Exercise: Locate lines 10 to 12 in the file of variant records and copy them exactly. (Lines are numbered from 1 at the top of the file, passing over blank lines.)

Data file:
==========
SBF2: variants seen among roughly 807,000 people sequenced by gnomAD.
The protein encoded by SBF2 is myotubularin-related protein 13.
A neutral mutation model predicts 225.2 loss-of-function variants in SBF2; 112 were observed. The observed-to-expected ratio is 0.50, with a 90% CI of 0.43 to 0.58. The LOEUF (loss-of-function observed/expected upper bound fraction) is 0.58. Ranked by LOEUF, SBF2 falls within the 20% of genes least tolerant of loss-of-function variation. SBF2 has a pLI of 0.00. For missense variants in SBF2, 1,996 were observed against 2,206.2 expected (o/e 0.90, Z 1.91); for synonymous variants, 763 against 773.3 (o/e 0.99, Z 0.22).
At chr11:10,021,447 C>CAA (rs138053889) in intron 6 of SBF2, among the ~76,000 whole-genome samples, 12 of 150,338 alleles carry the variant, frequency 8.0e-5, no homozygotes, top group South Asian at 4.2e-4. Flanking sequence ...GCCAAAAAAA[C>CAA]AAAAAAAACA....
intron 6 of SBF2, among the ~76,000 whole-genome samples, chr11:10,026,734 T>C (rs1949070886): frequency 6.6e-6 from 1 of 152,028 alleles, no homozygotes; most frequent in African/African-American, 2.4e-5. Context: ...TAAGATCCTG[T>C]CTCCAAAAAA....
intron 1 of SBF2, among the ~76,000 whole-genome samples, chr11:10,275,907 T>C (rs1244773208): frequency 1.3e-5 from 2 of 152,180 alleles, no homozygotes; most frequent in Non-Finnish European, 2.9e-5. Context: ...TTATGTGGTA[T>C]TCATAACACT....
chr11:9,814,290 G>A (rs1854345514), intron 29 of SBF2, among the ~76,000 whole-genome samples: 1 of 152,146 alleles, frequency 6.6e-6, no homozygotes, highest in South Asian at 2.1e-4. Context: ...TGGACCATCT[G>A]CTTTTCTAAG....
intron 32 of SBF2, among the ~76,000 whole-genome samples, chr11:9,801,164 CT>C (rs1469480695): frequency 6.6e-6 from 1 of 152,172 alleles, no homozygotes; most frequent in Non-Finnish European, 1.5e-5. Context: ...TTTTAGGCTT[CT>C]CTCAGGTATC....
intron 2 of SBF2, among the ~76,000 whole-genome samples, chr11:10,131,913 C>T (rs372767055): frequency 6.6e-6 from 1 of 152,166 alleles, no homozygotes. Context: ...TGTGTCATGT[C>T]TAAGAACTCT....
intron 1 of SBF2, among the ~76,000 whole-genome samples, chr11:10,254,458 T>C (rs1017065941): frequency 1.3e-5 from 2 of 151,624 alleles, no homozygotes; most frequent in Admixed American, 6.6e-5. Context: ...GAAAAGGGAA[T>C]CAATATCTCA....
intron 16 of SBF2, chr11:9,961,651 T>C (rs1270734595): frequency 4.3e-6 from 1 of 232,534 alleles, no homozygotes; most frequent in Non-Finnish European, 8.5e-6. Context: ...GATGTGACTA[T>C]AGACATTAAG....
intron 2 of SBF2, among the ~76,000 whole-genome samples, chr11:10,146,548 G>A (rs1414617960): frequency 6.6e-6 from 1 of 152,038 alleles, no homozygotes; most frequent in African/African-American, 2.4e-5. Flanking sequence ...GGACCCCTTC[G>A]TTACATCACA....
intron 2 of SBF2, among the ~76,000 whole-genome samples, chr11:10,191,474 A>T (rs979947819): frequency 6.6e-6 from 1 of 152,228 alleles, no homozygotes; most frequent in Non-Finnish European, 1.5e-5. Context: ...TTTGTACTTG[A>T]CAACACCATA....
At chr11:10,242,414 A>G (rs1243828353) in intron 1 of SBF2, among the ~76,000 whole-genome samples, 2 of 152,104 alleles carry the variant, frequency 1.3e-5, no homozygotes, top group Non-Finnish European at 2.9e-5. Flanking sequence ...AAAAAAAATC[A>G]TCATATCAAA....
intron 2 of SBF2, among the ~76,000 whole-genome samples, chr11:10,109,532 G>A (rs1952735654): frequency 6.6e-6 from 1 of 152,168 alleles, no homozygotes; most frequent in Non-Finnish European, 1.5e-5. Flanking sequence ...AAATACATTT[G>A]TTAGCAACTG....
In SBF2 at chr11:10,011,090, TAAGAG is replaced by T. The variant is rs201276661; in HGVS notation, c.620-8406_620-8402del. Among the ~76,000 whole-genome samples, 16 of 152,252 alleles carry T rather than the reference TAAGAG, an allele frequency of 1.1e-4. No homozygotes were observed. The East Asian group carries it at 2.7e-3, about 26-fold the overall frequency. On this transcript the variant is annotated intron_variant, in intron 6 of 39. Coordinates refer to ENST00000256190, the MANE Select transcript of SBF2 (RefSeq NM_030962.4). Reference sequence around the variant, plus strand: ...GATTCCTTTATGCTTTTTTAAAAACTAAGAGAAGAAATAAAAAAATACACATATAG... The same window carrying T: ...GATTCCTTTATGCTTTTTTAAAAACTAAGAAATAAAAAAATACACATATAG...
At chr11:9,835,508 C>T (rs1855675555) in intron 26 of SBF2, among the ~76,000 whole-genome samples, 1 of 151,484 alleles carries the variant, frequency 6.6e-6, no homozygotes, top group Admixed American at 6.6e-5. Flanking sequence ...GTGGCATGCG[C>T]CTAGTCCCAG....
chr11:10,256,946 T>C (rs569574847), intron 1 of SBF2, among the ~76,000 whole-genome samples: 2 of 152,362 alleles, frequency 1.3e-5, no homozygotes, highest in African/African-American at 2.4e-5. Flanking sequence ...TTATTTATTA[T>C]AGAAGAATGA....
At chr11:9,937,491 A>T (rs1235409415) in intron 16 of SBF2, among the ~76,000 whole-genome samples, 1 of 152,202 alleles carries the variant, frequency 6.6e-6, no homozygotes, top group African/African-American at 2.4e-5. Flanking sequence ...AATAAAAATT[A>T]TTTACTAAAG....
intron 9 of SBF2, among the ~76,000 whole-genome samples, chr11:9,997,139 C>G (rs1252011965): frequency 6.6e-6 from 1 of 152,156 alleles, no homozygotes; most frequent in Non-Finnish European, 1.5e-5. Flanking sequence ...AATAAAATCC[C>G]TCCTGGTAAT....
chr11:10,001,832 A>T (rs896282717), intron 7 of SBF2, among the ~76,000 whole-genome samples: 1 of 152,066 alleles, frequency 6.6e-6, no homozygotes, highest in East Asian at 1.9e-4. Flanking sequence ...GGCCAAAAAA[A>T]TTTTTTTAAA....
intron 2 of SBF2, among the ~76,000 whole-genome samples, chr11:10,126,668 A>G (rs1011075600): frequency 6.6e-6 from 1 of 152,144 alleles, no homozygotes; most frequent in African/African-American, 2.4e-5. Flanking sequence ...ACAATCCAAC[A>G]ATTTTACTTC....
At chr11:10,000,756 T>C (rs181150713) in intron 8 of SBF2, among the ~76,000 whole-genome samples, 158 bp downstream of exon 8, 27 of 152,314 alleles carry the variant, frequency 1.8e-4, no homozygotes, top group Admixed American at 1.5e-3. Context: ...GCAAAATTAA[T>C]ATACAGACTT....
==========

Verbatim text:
intron 1 of SBF2, among the ~76,000 whole-genome samples, chr11:10,254,458 T>C (rs1017065941): frequency 1.3e-5 from 2 of 151,624 alleles, no homozygotes; most frequent in Admixed American, 6.6e-5. Context: ...GAAAAGGGAA[T>C]CAATATCTCA....
intron 16 of SBF2, chr11:9,961,651 T>C (rs1270734595): frequency 4.3e-6 from 1 of 232,534 alleles, no homozygotes; most frequent in Non-Finnish European, 8.5e-6. Context: ...GATGTGACTA[T>C]AGACATTAAG....
intron 2 of SBF2, among the ~76,000 whole-genome samples, chr11:10,146,548 G>A (rs1414617960): frequency 6.6e-6 from 1 of 152,038 alleles, no homozygotes; most frequent in African/African-American, 2.4e-5. Flanking sequence ...GGACCCCTTC[G>A]TTACATCACA....